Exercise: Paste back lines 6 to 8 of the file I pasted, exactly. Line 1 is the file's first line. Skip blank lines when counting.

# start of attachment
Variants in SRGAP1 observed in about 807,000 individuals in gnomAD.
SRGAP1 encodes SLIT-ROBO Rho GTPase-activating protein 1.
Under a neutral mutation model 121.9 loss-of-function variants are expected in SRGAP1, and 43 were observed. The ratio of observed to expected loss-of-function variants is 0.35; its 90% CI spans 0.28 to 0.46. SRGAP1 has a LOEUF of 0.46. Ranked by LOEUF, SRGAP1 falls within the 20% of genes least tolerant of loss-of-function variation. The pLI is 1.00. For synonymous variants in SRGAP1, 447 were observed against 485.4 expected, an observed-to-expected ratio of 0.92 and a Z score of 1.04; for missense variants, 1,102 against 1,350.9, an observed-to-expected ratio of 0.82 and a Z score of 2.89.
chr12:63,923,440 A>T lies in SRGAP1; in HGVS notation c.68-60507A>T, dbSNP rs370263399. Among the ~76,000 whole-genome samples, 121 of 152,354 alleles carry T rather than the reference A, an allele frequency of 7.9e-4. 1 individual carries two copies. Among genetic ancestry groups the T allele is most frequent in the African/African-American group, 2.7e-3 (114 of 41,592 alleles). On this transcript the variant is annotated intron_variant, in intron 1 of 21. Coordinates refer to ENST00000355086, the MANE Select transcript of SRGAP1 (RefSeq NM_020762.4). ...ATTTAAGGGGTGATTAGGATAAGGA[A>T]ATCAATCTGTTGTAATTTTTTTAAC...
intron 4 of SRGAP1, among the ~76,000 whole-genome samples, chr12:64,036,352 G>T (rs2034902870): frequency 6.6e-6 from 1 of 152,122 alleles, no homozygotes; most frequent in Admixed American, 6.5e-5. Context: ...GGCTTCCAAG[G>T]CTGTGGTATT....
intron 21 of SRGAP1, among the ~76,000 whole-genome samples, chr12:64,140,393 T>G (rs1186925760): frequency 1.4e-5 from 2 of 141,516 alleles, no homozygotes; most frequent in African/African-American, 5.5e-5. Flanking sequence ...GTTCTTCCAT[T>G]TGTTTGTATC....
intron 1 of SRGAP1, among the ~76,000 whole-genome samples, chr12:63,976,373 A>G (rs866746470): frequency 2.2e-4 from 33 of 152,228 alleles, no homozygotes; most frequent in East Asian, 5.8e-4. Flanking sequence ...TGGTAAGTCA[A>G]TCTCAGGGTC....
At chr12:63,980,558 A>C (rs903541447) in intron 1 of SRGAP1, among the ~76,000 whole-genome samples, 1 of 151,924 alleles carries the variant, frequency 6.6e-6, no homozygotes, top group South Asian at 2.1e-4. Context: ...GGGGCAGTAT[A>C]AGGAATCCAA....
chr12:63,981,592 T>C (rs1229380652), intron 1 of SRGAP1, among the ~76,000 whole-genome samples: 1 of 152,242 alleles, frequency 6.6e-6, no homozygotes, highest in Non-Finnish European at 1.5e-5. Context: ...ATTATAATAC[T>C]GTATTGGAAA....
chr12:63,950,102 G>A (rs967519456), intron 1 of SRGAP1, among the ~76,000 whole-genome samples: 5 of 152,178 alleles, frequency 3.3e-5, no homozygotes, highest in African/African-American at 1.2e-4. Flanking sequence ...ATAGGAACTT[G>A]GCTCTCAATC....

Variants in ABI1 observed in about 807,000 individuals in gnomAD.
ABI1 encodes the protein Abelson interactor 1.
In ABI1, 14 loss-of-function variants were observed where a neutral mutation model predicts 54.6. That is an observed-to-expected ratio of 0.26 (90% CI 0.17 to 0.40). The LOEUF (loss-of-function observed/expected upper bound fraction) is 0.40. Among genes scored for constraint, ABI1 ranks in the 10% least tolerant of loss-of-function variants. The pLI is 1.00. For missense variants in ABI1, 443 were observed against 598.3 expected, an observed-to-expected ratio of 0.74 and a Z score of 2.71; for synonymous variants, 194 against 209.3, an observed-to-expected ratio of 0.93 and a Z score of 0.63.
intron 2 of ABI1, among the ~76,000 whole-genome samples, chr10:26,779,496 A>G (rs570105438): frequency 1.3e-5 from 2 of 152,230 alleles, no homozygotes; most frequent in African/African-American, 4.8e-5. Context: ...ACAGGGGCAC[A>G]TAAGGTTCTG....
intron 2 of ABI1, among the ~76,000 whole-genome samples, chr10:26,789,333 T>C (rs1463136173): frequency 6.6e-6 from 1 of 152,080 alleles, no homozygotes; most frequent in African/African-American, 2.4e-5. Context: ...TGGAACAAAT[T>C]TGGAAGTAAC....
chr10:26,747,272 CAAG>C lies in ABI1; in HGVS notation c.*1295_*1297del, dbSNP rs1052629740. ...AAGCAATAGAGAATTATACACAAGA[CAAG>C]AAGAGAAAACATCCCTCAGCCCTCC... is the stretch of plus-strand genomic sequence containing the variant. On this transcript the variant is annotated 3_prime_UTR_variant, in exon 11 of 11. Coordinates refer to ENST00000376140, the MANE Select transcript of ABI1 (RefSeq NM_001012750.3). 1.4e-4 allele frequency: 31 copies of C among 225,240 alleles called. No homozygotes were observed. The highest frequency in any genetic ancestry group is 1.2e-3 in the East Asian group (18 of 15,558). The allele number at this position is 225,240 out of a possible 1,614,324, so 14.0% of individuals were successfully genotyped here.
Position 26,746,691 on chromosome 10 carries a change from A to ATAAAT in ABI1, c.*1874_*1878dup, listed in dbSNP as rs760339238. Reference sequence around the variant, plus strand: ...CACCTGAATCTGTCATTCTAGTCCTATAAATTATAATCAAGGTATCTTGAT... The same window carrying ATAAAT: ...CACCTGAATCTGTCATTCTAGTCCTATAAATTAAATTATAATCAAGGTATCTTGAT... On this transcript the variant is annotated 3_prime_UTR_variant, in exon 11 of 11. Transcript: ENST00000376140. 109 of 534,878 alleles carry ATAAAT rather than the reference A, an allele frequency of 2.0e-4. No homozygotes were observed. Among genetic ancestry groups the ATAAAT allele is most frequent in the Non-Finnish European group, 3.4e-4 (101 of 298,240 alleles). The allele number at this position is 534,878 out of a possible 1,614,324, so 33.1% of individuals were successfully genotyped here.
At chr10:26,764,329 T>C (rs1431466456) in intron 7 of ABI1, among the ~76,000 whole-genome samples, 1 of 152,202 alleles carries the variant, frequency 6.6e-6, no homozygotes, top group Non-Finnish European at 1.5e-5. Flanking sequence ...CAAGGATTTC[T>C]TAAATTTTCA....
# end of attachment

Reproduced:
intron 21 of SRGAP1, among the ~76,000 whole-genome samples, chr12:64,140,393 T>G (rs1186925760): frequency 1.4e-5 from 2 of 141,516 alleles, no homozygotes; most frequent in African/African-American, 5.5e-5. Flanking sequence ...GTTCTTCCAT[T>G]TGTTTGTATC....
intron 1 of SRGAP1, among the ~76,000 whole-genome samples, chr12:63,976,373 A>G (rs866746470): frequency 2.2e-4 from 33 of 152,228 alleles, no homozygotes; most frequent in East Asian, 5.8e-4. Flanking sequence ...TGGTAAGTCA[A>G]TCTCAGGGTC....
At chr12:63,980,558 A>C (rs903541447) in intron 1 of SRGAP1, among the ~76,000 whole-genome samples, 1 of 151,924 alleles carries the variant, frequency 6.6e-6, no homozygotes, top group South Asian at 2.1e-4. Context: ...GGGGCAGTAT[A>C]AGGAATCCAA....